NOTE: Resources are mandatory unless specifically marked “Optional.”  Optional resources, like the optional readings, are just that — optional.  They are there for your convenience and to help expand your understanding of the course material.  If you’re having a hard time understanding something, the optional materials can often be very helpful to you.  If you have suggestions for optional material you would like to see on this page, please email me at with your suggestions.      

  • OPTIONAL: The Modern Library’s 100 Best Novels of the Modern Era — Readers’ Picks and Editors’ Picks
  • Really cool graphic novel version of Kafka’s The Metamorphosis!
  • OPTIONAL: See My Fair Lady on DVD or through Netflix.  It’s basically Pygmalion with catchy tunes and Audrey Hepburn!
  •  OPTIONAL: Please read Irish writer Oscar Wilde’s 1891 novella  The Picture of Dorian Gray or ask me for a paperback copy to borrow.  We have them!
  • OPTIONAL: Please also read a play published (interestingly enough) close to the same time as Kafka’s work: Irish dramatist George Bernard Shaw’s Pygmalion.  This play, BTW, was used as the basis for the musical My Fair Lady.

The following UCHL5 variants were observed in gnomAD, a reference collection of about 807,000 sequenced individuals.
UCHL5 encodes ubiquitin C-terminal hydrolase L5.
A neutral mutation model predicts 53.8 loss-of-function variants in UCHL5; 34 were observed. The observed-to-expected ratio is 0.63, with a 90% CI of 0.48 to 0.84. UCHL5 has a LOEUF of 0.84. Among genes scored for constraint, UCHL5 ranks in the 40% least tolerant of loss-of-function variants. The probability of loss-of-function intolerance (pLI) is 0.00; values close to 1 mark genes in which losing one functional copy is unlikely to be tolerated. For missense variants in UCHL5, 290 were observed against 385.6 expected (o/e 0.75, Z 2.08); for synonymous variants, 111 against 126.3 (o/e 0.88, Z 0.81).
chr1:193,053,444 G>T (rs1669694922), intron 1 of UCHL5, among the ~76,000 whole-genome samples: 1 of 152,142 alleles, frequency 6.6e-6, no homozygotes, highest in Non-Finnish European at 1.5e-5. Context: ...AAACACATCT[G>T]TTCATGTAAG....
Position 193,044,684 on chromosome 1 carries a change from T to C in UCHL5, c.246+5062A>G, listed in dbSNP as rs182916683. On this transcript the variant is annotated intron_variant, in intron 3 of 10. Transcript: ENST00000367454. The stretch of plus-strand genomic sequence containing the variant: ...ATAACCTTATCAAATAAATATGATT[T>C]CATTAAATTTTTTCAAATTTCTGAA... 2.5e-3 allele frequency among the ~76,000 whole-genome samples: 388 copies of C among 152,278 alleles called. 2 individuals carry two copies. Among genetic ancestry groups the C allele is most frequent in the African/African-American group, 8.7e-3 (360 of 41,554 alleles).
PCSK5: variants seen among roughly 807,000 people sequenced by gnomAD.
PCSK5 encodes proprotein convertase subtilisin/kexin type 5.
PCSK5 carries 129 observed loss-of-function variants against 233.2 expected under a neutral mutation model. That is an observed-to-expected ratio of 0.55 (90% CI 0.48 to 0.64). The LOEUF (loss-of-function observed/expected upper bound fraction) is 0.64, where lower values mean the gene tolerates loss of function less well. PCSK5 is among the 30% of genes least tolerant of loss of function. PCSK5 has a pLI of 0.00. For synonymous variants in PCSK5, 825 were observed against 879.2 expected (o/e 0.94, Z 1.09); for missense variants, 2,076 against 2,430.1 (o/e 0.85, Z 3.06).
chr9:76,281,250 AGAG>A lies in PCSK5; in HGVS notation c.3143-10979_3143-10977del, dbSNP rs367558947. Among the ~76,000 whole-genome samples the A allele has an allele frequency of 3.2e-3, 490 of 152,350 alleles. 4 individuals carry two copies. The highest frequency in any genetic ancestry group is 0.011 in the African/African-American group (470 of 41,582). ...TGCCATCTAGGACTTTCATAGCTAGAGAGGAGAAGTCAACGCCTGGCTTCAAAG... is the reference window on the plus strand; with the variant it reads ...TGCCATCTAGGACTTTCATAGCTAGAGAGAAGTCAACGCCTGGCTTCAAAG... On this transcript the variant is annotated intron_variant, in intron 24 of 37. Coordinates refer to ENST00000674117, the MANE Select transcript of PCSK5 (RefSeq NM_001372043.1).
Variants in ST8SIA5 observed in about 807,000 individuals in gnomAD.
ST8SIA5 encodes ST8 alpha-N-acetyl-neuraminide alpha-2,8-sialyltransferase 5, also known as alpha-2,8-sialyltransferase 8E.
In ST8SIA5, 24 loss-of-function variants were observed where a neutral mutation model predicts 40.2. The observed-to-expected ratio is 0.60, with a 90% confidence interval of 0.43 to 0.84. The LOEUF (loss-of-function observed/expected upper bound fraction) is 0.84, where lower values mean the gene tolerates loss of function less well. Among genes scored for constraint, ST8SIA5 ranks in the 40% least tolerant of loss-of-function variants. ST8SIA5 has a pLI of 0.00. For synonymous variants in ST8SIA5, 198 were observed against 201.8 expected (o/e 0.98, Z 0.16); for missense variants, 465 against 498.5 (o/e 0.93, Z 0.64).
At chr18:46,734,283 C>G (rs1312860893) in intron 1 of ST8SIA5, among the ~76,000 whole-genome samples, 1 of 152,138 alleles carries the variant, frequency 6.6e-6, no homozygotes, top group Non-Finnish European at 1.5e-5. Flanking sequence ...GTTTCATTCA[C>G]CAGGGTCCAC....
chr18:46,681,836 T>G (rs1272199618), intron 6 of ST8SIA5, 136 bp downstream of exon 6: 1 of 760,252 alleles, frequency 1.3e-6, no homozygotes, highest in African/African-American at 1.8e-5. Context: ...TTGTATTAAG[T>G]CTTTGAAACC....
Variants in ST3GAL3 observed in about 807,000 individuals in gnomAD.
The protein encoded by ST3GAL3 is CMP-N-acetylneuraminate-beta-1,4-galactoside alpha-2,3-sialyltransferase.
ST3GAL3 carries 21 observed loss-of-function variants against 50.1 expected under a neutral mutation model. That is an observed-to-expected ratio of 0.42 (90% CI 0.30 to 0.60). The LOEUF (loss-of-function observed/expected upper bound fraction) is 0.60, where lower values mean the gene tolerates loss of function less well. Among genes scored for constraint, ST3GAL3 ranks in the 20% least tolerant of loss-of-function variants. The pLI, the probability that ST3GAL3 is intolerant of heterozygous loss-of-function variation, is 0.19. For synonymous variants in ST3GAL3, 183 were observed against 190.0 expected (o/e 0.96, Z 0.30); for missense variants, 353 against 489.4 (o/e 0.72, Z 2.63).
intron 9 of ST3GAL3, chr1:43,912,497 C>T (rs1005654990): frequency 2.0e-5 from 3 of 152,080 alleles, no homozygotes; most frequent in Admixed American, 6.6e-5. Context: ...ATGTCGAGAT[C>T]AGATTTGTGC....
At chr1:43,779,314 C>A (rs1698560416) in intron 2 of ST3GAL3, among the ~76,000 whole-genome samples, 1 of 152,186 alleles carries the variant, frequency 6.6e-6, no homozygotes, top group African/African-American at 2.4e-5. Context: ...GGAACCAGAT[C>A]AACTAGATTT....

•  OPTIONAL: Please read Joseph Conrad’s 1912 short story, “The Secret Sharer.”
  •  OPTIONAL: Please read Russian writer Nicolai Gogol’s short story “The Nose” (1835-6).  There’s a really cool children’s version illustrated by Gennady Spirin here — as with Kafka and the graphic novel, “The Nose” works surprisingly well as a children’s book.  What’s not to love about a nose that detaches itself — and then becomes more successful in life than you are?